The purpose of our study was to determine the rate of identification of obesity, either by formal diagnoses or by the use of obesity-related terms (ORTs) within the body of the clinical note and referral for behavioral interventions. We hypothesized that physicians are more likely to identify patients with obesity by using ORTs than to formally diagnose obesity. We also hypothesized that patients with obesity for whom ORTs are used are more likely to be referred for behavioral interventions than patients with obesity for who ORTs are not used.
We hypothesized that physicians are using terms such as obese, overweight, weight-related issues, and elevated BMI in their notes to discuss obesity and from here on, these will be used in the document as ORT.
Hypertension was defined as a blood pressure more than 140/90 mmHg, mentioned as a diagnosis in the Electronic health record (EHR), or taking antihypertensives.
Type 2 diabetes mellitus was defined as a fasting blood glucose level more than 126 mg/dL, a hemoglobin A1c value of 6.5% or more, an oral glucose tolerance value more than 200 mg/dL, Type 2 diabetes mellitus as a diagnosis in the EHR, or taking insulin or a hypoglycemic.
Hypercholesterolemia was defined as a total serum cholesterol level more than 200 mg/dL, triglyceride value more than 200 mg/dL, low-density lipoprotein value more than 130 mg/dL, a diagnosis of hyperlipidemia, or taking a lipid-lowering medication. BMI was calculated as follows: weight in kilograms divided by square of height in meters (kg/m2).
Obesity was defined using the World Health Organization and National Institutes of Health classification system: overweight, BMI of 25 to 29.9 kg/m2; Class 1 obesity, BMI of 30 to 34.9 kg/m2; Class 2 obesity, BMI of 35 to 39.9 kg/m2; and Class 3 obesity, BMI of 40 kg/m2 or more.
ORT were defined as use of any of the following words: obese, overweight, weight-related issues, and elevated body mass index (BMI).
Limitation in physical activity was defined as having any condition or disease such as chronic obstructive pulmonary disease, asthma, using a wheelchair, or any other illness that prevents the patient from making the recommended lifestyle changes.
*Impression Report Plan. This is the section in the General Medical exam note where the physician puts in their impression, differential, reports, and investigations and finally a plan for the patient. This is the last part of the physician's note
| Methods|| |
Settings and patients
After the study was approved by the Mayo Clinic Institutional Review Board, the EHRs for all outpatients with a documented BMI of more than 30 kg/m2 who underwent a medical examination in the Division of General Internal Medicine at Mayo Clinic in Rochester, Minnesota, from October 1, 2012, through March 31, 2013, were retrospectively reviewed.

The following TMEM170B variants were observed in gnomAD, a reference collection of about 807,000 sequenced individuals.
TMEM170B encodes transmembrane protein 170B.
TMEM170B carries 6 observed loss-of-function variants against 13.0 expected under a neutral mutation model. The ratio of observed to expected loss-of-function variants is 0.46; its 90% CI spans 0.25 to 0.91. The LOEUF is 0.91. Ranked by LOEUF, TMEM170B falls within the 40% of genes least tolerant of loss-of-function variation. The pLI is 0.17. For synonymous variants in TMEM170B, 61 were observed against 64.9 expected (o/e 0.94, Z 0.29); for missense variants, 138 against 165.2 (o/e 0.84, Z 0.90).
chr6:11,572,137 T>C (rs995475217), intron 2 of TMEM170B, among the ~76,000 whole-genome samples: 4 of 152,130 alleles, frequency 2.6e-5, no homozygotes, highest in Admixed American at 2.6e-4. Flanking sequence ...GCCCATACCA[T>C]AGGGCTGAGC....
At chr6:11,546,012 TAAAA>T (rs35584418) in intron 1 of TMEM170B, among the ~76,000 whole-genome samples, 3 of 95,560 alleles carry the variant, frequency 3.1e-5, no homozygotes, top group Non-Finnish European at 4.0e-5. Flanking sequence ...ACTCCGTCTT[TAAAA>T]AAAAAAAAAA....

The following data were abstracted from the EHRs: demographics including age, sex, address, race, height, weight, and BMI; primary diagnosis; reason for the current visit; presence or absence of comorbidities such as smoking, hypertension, Type 2 diabetes mellitus, hyperlipidemia, hypothyroidism, and cancer; medications; obesity management; and physical limitations. Patients were included if they had research authorization on file and had a Class 1 or greater BMI. We determined whether patients had a formal diagnosis of obesity (e.g., ICD-9 code for obesity or obesity listed as a diagnosis in the impression, report, and plan* section of the medical note); whether, in the absence of a formal diagnosis of obesity, ORTs were used in the medical note; and whether patients were educated on weight loss techniques or referred for behavioral interventions. Finally, we determined whether medications or underlying diseases (e.g., cardiac, pulmonary, thyroid, or physical disability) and the amount of time physicians spent with the patients (based on billing codes used) might contribute to obesity.
Continuous data were presented as median and interquartile range, and categorical data were presented as counts and percentages. Kruskal–Wallis and c2 statistical tests for differences between groups were used, as appropriate. For all statistical tests, P < 0.05 was considered statistically significant. Additionally, graphic displays of the data were produced to further investigate distributions by groups of interest. All analyses and graphics were produced with SAS version 9.4 (SAS Institute, Inc).
| Results|| |